The work of the late Harry Jackson ran the gamut from abstract expressionism, inspired by his friend Jackson Pollock, to the Western art for which he was best known. His sculpture of a hard-riding John Wayne was on the cover of Time Magazine in 1969.
Most of Jackson's life work is still at his studios in Cody, Wyo. But unless a major donor steps forward, it will be sold piecemeal to pay the bills.
On Ranch And Canvas
Jackson was born in Chicago, but he always said Wyoming was his spiritual birthplace. In 1938, when he was 14, he ran away from home and started working on the Pitchfork Ranch outside of Meeteetse. That's where he learned the cowboy songs he later recorded for Folkways Records.
Jackson was also a Marine whose combat sketches captured the brutality of war in the south Pacific. After the war, he was a Hollywood radio actor. And in 1947, Jackson moved to New York and dove into the abstract expressionist scene.
John Giarrizzo, a fellow Wyoming painter, says, "He was right in the thick of art history — American art history in the 20th century — as an abstract expressionist painter."
Jackson exhibited alongside expressionist giants Willem de Kooning and Jackson Pollock. But in 1970, he moved back to Wyoming for good and devoted himself to Western art. Now, Giarrizzo says, almost all of it is at the sprawling Harry Jackson Studios in Cody.
"We thought of him as somebody who created these beautiful bronze sculptures that were at the level of Frederic Remington," Giarrizzo says. "But then when you walk into that space, you're confronted with the full spectrum of who Harry Jackson was as an artist."
That spectrum is housed in a tan industrial-looking building, ringed by a chain link fence. It hardly looks like a museum. The sign out front says, "By appointment only." But inside are 5,000 drawings, 400 paintings and hundreds of sculptures — essentially Harry Jackson's entire output.
His oldest son, Matt, oversees the collection. He says that it contains a complete array of his life's work, plus more than 100 journals dating from 1945 to the artist's death in 2011, his annotated library, letters and other archival materials.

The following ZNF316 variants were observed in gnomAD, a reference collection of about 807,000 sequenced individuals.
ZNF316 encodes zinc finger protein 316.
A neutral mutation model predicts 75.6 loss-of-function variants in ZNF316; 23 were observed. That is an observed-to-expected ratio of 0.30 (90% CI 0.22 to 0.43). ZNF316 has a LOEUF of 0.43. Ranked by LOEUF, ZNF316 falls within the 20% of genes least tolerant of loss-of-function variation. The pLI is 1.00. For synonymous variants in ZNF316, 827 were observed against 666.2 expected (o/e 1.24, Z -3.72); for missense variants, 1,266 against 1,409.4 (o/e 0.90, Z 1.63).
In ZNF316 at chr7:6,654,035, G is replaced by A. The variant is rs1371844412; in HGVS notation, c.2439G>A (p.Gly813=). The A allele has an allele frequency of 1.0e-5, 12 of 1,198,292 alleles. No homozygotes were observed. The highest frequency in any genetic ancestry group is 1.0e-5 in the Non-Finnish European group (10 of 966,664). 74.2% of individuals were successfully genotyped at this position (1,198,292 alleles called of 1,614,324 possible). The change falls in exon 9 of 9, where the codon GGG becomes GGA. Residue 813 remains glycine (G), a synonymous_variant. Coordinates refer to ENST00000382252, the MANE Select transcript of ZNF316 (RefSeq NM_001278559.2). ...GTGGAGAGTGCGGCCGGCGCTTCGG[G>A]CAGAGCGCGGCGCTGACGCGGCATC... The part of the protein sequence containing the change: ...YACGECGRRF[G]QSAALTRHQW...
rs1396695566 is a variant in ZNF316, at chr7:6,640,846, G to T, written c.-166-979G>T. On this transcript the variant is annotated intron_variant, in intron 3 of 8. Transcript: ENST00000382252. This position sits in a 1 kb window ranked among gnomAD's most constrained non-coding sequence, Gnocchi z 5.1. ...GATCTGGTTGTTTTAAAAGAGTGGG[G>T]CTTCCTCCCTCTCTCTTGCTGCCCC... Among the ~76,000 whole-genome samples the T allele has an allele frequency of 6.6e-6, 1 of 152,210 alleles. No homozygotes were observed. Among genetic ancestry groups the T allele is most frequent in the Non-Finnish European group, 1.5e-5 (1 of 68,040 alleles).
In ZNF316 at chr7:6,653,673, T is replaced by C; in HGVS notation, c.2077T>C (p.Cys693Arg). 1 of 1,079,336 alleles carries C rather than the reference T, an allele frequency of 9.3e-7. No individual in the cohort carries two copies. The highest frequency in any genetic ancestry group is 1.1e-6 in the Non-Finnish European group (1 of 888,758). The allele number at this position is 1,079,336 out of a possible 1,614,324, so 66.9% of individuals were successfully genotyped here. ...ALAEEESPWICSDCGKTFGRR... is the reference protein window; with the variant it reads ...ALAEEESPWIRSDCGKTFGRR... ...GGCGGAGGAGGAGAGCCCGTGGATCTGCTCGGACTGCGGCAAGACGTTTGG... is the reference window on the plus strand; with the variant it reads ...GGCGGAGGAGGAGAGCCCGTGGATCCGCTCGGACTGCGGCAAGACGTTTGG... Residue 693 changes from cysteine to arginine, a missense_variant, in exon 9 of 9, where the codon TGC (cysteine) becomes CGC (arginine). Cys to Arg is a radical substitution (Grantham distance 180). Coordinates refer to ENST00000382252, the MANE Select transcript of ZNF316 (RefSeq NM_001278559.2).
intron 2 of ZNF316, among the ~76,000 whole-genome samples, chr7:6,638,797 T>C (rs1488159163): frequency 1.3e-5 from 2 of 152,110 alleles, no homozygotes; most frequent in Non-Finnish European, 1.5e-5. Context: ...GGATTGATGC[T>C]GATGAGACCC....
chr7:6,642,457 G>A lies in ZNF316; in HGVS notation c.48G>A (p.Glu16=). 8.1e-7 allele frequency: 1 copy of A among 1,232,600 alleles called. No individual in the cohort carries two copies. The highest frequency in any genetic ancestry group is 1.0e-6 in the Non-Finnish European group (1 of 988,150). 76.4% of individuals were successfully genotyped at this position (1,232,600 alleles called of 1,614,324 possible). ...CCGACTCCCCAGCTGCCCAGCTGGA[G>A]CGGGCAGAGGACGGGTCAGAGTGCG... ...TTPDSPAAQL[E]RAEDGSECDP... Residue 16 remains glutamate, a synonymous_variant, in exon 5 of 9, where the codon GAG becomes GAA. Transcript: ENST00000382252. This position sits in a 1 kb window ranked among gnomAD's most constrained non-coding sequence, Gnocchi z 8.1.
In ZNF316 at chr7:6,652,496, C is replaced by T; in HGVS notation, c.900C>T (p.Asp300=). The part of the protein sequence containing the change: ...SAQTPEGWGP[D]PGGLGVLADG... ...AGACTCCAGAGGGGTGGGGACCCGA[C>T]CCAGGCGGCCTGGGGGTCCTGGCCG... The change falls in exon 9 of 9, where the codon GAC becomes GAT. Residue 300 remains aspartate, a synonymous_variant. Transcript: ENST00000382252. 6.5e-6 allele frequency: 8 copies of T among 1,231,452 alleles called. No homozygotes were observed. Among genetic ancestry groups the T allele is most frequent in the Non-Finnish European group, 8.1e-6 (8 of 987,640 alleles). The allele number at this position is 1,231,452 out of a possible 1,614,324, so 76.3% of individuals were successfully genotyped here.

Henry Adams, a professor at Case Western Reserve University and the author of a forthcoming biography of Jackson, explains, "It's an amazing record of a life that is really quite unusual, if not unique, to have all that stuff together in one place."
Answering The 'Money Question'
Now, it's all in jeopardy. Matt Jackson needs to raise about $5 million to pay his current bills and lay the foundation for a working institution. He explains, "There's just a bit of a funding gap."
Susan Moldenhauer, the director of the University of Wyoming Art Museum, says, "I think situations like this are very complicated. There's the safety of the work, there's the protection of the work. You know, how do you sustain a collection? How do you have it support itself as a collection? And I think those are all questions that Matt is really struggling with now."
Moldenhauer was part of a group of Wyoming cultural and arts organizations that met at the Harry Jackson Studios this summer. The group drafted a statement affirming the value of the estate as a whole.
Giarrizzo was one of the signatories on the statement. He explains why: "The fact that it is still together and that there's a chance of it now dispersing seems like a travesty."
But without a major donor so far, Matt Jackson says he's forced to divide the collection. "It's definitely a money question. And time is running out."
Pieces are already listed for sale on the estate website — 140, to be exact. Some traveling shows are also planned. But if pieces start to sell, portions of the collection won't be making the return trip to Cody.